-lift off any remaining tentacles with a stick or similar.
-If cells still linger, dust with flour and carefully scrape off with a blunt knife.
- after all tentacle sections have gone, pain can be treated with a cold pack and/or a local anaesthetic such as a sunburn lotion or insect bite treatment that lists '...ocaine' as an ingredient.
-if there is continued swelling, or itchiness, apply a light steroid cream e.g. Hydrocortisone eczema cream.
-if muscle spasms persist see a doctor

juro
04-14-2006, 09:23 AM
Musical instruments.

Not sure if you already play, but a few sweet chords with the equatorial moon shimmering on the water near the timbuktu atoll would sure make that Patron go down smoothly.

And lots of limes :)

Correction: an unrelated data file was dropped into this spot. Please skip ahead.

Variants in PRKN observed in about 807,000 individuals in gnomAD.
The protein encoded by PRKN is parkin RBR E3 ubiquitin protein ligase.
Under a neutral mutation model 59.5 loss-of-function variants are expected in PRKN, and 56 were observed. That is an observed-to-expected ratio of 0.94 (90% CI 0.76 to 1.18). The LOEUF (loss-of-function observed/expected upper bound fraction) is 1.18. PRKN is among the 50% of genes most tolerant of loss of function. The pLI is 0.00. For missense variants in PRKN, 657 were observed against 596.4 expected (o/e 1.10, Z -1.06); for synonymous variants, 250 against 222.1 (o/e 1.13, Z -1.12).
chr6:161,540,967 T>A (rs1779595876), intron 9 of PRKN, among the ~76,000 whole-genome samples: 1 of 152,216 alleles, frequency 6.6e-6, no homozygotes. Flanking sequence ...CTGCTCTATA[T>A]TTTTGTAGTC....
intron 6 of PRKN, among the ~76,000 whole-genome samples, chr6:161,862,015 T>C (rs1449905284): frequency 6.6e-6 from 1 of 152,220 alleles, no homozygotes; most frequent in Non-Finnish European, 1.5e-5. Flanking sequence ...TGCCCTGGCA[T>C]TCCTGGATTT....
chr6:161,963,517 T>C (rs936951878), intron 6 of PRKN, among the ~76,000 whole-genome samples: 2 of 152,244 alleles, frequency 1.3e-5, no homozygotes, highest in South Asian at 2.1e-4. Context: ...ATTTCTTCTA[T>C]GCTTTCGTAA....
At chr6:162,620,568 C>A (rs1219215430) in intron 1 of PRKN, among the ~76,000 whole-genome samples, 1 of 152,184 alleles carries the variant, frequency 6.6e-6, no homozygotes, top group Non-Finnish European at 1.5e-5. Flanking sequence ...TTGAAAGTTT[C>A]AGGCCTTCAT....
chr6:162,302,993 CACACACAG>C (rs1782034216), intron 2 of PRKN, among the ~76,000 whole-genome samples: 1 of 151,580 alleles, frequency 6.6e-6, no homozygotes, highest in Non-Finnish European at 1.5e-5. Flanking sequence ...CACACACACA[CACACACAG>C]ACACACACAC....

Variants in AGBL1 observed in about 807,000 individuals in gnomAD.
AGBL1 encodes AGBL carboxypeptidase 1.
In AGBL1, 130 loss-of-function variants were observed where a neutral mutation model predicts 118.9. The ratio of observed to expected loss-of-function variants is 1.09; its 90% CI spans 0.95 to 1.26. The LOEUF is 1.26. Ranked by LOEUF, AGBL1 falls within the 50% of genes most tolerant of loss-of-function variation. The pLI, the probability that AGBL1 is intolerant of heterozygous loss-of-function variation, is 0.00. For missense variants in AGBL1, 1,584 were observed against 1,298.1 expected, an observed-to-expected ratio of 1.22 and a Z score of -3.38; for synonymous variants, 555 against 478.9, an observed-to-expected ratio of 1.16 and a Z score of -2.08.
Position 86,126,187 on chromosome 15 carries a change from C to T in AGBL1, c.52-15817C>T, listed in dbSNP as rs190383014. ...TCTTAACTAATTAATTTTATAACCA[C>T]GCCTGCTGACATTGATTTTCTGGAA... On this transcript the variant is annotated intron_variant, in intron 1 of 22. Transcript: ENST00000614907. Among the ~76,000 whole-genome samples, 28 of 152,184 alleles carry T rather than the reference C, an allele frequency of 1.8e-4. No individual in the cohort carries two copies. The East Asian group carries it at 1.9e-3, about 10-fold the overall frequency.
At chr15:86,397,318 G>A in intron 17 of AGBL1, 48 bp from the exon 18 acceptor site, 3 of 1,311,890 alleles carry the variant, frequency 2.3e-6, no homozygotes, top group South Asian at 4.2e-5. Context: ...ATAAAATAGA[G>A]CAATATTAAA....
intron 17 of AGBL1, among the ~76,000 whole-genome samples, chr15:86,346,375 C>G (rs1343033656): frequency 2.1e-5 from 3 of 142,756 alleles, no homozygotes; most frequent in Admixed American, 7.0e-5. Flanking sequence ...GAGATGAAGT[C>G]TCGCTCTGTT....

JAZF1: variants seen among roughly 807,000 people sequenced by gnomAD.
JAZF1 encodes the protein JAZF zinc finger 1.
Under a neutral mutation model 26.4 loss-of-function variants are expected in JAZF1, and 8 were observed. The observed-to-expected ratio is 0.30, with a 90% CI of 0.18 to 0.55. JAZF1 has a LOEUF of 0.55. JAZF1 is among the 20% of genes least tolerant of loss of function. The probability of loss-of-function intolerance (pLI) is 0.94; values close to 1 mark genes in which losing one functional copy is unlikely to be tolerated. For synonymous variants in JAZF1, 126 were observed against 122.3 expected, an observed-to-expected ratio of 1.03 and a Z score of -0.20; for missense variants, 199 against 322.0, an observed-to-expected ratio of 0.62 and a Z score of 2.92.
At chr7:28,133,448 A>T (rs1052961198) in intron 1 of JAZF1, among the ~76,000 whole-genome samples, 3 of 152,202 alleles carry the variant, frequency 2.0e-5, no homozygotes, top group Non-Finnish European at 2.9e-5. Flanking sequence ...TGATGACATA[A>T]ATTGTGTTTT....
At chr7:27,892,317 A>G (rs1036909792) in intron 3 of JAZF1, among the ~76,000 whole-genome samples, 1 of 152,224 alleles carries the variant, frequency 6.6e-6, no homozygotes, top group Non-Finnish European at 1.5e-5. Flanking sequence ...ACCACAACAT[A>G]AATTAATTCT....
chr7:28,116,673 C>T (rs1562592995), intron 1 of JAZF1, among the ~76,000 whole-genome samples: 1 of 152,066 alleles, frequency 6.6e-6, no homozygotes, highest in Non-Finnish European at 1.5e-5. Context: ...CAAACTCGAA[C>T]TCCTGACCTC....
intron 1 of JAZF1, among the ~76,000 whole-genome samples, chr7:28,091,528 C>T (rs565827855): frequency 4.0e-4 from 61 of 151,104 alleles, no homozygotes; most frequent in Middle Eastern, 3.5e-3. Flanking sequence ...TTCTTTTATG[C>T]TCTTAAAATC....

OC
04-14-2006, 12:15 PM
The wife and I have talked about the nylon pants. Flats not included we will wear shorts only in morning and evening and long sleeves and those light flats type of pants in High sun hours. Both of us love the sun but have had too much of it over the years. We have a dodger/bimini setup over the cockpit which helps but even with that the reflection day after day of the ocean will get you. We also have a sun cloth that fits over most of the boat at anchor. You can walk under it and it keeps the decks/cabin cool. As long as it does not blow over 15 knots that sun cloth is one of our most important items we have on board.

Juro, My wife plays the mbira. It is an insturment from Zimbabwe, she lived there for a few years back in the 80's as a midwife and picked it up. We will take a couple mbiras on board and I plan on learning from her how to play it. The mbira is an instrument to bring back the dead with, so I guess we plan on having lots of company from old friends and family.

I'm familiar with the pee wash having lived in Hawaii and surfed every day. Didn't know about only male pee though, my girl friend back then thought I was just kinky.

mugsy
04-14-2006, 11:26 PM